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Rod & Main Bearing Clearance


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Here it is. Arriving at the proper rod and main bearing clearances is easier than you might think. The problem that most engine shops seem to have, as far as I'm concerned, is laziness. Another problem is: Pontiacs do not have bearings available in .001 or .002 under sizes past .010 (ten thousandths) So, you cannot "chase" clearances like you can with a Chevy.

~ Another BIG problem is the fact that every factory Pontiac shop manual has been wrong since 1955. Depending on what year you're looking at, most of them say the upper allowable clearance is .0035. Don't you EVER build one with those clearances unless you want your oil pressure guage to move like a tachometer. This is exactly where the old saying, "Pontiac's are known for low oil pressure," comes from.

Here are the steps to follow in order to blueprint the clearances correctly. and remember this, YOU ALWAYS CUT THE CRANK LAST

The main bores must be inspected after the block is cleaned. You check for straightness and diameter size. The straightness is brought in by properly clipping the main caps, and then a skilled hone operator must hone the main bores carefully. We find that the housing bore size should be kept to the middle or to the minimum to maintain good bearing crush. NEVER PAST THE MIDDLE. Loose housing bores are the main culprit behind spun bearings. So, on a three inch main bore the factory tolerance is; 3.1880 to 3.1890 This is the size of the hole without the bearing in place. Our tolerance is 3.1880 to 3.1885. On a 3.250 main bore, (421/428/455) the factory says; 3.4380 - 3.4390. Again, we use 3.4380 - 3.4385. The checking clearance is taken from the twelve-to-six o'clock position using a calibrated dial bore gauge.

Doing this maintains the proper crush on the bearings. This is crucial. The same theory applies to the rod bores. All Pontiac rod bores are 2.3745 - 2.3750. Again we use the small to the middle 2.3745 to 2.3748. Always preferring the smaller dimension. The bores are OK? Proceed.

You will now measure the crank and buy the appropriate rod and main bearings. If the crank is a wore out .010, you're buying .020's etc.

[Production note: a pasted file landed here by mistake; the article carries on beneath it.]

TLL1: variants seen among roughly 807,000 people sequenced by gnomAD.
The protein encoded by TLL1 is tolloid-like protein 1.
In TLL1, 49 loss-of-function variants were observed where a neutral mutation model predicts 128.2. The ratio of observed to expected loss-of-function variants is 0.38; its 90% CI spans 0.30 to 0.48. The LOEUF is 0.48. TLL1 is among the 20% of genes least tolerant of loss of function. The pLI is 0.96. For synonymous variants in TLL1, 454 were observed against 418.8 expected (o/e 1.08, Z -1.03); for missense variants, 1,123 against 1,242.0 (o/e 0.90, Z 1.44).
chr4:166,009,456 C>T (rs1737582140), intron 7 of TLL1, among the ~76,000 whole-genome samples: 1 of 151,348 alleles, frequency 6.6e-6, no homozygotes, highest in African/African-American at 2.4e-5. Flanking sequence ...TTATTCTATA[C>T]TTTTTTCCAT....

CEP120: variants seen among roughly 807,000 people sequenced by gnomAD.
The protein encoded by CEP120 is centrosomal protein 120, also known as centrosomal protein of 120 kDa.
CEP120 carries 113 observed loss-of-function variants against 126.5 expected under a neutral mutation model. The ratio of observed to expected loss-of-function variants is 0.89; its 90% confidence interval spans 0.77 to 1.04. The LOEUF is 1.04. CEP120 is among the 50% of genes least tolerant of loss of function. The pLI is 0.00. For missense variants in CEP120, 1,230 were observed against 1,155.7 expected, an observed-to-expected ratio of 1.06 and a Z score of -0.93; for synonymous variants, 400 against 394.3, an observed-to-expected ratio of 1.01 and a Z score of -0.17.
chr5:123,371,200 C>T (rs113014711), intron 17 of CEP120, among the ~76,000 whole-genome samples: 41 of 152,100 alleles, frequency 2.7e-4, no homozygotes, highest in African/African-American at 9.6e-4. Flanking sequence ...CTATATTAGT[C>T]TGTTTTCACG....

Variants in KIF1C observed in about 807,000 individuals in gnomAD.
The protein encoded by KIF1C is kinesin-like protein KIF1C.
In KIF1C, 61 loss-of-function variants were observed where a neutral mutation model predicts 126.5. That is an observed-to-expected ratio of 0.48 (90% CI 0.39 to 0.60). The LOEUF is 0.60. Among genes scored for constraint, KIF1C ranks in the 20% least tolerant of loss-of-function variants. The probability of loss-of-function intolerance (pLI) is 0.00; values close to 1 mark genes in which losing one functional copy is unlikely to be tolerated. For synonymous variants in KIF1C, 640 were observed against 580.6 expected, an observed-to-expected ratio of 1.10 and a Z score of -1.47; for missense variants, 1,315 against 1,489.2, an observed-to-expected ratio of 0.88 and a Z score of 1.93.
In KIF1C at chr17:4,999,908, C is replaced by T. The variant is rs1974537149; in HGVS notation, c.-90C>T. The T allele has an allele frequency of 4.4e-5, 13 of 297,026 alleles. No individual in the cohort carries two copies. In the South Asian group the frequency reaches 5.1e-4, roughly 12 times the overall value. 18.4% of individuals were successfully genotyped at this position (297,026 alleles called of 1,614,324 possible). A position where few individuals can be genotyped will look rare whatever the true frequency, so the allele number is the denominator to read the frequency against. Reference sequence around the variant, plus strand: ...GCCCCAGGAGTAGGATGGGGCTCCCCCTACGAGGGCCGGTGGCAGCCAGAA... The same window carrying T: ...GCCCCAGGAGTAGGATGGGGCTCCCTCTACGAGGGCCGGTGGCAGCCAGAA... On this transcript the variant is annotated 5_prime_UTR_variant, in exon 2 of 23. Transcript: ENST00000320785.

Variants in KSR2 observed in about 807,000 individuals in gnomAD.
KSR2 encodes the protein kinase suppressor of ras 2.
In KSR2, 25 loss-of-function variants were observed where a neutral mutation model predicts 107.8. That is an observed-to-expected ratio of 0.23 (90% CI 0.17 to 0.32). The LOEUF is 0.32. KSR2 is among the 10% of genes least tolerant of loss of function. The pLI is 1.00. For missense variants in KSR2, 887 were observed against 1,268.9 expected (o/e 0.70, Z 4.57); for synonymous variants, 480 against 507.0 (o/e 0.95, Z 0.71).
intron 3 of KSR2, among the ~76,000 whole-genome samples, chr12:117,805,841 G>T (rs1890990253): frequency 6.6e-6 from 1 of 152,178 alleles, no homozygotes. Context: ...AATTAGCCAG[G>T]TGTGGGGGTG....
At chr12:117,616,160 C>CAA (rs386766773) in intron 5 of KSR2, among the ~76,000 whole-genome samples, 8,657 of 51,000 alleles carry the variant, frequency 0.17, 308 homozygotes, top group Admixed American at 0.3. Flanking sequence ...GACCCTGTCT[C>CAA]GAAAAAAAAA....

It doesn't matter how far under you must go, IT IS THE CLEARANCES THAT COUNT, NOT THE undersize.

Take the bearings, install them and torque them to factory specs. Make sure the bolt holes and threads are super clean and use a very light coat of engine oil. Brush it on, then wipe it off. This leaves a proper VERY THIN COAT. Same goes if you are using the moly lube supplied by the bolt manufacturer. Do not use too much. Also make sure that there isn't a burr, or raised metal at the edges of the housing bores where the bearings used to sit. Use your fingernail to feel all edges. Use a small round file to completely debur, Then clean again.

After torquing, accurately measure with a dial-bore gauge the dimension of the holes with the bearings in place, at twelve and six o'clock. The 12 - 6 location is where all rod and main bearing clearances are measured. Label and write these dimensions down.

You now have the dimensions that exists with your parts. Not a nominal figure taken from a book, but a real number.

You'll take these numbers, along with your crank, to the crank grinder, and say, "Grind my crank .0020 (Two thousandths with a zero, it's not "twenty") away from these dimensions."

Any crank machine that's in good working condition can hold these tolerances. You have to hope that the operator does his part and knows how to run the machine properly. Of course you can check his work with a micrometer.

Our personal tolerances are .0015 - .0022 on both the rods and mains. Under no circumstances will you use plasti-gage to measure anything. Maybe the space between aunt Edna's teeth. It's totally unreliable and worthless in my book.

Follow these steps and you'll have great oil pressure warmed up at idle using the standard 60 lb. oil pump. (R.A.4) If all of your rod and main bearing clearances are .0025 or more, your oil pressure at idle will be 15 - 20 lbs, if you're lucky.

Do it right and engine life will be greatly increased. Remember, it's your parts. You're the paying customer. Don't be intimidated by arrogant shop owners, and don't be afraid to ask the "best shop in town" if they will follow these simple blueprinting procedures. If some fuzzball wants to argue that "factory book tolerances" should be acceptable, just look at a stock exhaust manifold. No thank you.

Never take it for granted that a recommended shop will do the procedure as I have outlined. Communicate. Let them know you'll be inspecting their work.

Good luck.
Bruce Fulper